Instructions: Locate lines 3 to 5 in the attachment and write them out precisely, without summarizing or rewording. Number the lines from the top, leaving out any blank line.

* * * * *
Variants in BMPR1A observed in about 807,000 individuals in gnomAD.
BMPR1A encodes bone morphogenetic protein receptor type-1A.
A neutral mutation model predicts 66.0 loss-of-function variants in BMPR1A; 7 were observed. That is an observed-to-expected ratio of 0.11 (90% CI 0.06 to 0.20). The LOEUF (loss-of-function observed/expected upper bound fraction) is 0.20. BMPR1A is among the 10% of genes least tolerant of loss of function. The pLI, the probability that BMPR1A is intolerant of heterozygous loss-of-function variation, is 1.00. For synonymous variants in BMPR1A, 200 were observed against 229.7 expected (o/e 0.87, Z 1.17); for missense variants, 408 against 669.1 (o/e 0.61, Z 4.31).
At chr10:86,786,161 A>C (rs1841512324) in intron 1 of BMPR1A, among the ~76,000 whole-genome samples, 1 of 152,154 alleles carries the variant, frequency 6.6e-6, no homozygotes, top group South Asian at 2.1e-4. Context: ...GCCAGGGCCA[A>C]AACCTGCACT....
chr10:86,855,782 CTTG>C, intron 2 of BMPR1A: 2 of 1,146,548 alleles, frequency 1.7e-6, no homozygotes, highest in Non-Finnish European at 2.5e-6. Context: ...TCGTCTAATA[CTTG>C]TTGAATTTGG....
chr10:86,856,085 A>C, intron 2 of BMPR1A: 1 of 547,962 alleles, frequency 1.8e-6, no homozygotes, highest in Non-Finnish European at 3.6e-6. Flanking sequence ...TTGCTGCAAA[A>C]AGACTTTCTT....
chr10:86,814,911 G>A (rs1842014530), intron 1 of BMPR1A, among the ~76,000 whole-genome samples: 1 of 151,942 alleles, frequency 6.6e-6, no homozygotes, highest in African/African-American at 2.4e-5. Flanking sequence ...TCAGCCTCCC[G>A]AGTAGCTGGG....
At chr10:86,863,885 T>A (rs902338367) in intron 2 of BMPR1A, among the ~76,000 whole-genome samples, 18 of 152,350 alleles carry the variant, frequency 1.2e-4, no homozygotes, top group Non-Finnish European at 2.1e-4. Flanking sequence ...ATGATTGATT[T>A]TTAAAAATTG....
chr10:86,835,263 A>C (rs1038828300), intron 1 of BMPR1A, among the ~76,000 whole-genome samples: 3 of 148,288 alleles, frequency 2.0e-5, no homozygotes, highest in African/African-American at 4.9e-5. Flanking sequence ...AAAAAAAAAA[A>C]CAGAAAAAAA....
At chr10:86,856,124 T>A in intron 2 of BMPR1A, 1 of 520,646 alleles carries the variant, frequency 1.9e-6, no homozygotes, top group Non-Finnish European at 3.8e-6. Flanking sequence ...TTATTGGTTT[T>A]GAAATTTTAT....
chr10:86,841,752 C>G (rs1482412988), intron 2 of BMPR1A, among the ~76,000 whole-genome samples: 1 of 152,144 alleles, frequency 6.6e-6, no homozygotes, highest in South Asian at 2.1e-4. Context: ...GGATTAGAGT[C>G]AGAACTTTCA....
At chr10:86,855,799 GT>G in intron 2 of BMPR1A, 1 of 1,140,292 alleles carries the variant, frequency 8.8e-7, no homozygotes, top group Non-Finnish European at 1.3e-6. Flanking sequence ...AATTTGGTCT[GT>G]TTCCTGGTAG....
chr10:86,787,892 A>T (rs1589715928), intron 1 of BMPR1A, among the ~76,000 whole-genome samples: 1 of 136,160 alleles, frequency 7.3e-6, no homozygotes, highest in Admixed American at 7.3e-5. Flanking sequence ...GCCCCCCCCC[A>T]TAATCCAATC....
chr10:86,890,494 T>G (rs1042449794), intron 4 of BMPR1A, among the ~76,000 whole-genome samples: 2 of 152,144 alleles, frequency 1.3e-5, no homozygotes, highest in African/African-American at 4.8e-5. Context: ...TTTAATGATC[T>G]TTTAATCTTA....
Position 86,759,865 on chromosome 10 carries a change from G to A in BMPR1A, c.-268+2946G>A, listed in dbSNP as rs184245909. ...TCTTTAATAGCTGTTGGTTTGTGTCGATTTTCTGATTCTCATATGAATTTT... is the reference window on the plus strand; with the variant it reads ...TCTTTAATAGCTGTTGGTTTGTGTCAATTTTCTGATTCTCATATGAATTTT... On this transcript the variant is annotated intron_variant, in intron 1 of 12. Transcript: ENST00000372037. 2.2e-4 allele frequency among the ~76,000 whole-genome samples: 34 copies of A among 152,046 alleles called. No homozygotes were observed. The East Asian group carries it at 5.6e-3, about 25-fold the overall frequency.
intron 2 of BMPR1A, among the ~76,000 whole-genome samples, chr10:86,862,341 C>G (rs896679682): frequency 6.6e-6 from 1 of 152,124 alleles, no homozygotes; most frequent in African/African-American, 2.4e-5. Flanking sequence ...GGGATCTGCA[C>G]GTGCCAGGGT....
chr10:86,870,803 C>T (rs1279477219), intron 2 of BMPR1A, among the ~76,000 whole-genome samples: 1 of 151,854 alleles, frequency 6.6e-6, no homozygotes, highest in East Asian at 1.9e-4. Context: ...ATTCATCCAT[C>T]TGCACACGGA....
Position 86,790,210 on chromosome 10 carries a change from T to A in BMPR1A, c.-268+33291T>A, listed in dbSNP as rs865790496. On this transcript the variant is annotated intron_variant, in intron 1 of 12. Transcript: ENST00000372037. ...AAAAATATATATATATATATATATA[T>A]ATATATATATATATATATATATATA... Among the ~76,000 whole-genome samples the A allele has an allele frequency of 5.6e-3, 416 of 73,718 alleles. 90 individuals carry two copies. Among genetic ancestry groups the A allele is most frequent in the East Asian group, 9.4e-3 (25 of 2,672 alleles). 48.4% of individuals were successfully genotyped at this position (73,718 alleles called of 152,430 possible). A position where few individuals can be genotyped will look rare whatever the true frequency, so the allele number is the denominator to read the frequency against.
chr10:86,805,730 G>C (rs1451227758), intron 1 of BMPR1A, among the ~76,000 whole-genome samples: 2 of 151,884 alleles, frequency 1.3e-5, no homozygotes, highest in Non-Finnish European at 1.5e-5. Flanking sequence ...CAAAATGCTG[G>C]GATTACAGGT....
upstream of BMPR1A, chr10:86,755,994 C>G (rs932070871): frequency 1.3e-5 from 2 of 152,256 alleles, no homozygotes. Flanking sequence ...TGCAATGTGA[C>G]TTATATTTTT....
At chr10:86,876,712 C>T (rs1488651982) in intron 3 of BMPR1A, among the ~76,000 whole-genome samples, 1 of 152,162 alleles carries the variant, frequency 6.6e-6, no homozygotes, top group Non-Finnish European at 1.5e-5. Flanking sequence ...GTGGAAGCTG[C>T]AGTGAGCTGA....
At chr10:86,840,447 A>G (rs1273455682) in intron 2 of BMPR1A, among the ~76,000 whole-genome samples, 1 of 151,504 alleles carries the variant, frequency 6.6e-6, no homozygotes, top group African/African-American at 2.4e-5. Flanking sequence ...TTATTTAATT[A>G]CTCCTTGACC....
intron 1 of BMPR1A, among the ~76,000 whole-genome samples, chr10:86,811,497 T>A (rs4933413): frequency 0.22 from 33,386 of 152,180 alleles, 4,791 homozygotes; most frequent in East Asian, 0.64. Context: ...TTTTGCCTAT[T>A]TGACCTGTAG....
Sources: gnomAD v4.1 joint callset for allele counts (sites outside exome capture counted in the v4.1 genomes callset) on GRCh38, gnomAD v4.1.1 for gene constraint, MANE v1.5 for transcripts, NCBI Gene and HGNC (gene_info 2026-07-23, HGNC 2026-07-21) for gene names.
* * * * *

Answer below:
A neutral mutation model predicts 66.0 loss-of-function variants in BMPR1A; 7 were observed. That is an observed-to-expected ratio of 0.11 (90% CI 0.06 to 0.20). The LOEUF (loss-of-function observed/expected upper bound fraction) is 0.20. BMPR1A is among the 10% of genes least tolerant of loss of function. The pLI, the probability that BMPR1A is intolerant of heterozygous loss-of-function variation, is 1.00. For synonymous variants in BMPR1A, 200 were observed against 229.7 expected (o/e 0.87, Z 1.17); for missense variants, 408 against 669.1 (o/e 0.61, Z 4.31).
At chr10:86,786,161 A>C (rs1841512324) in intron 1 of BMPR1A, among the ~76,000 whole-genome samples, 1 of 152,154 alleles carries the variant, frequency 6.6e-6, no homozygotes, top group South Asian at 2.1e-4. Context: ...GCCAGGGCCA[A>C]AACCTGCACT....
chr10:86,855,782 CTTG>C, intron 2 of BMPR1A: 2 of 1,146,548 alleles, frequency 1.7e-6, no homozygotes, highest in Non-Finnish European at 2.5e-6. Context: ...TCGTCTAATA[CTTG>C]TTGAATTTGG....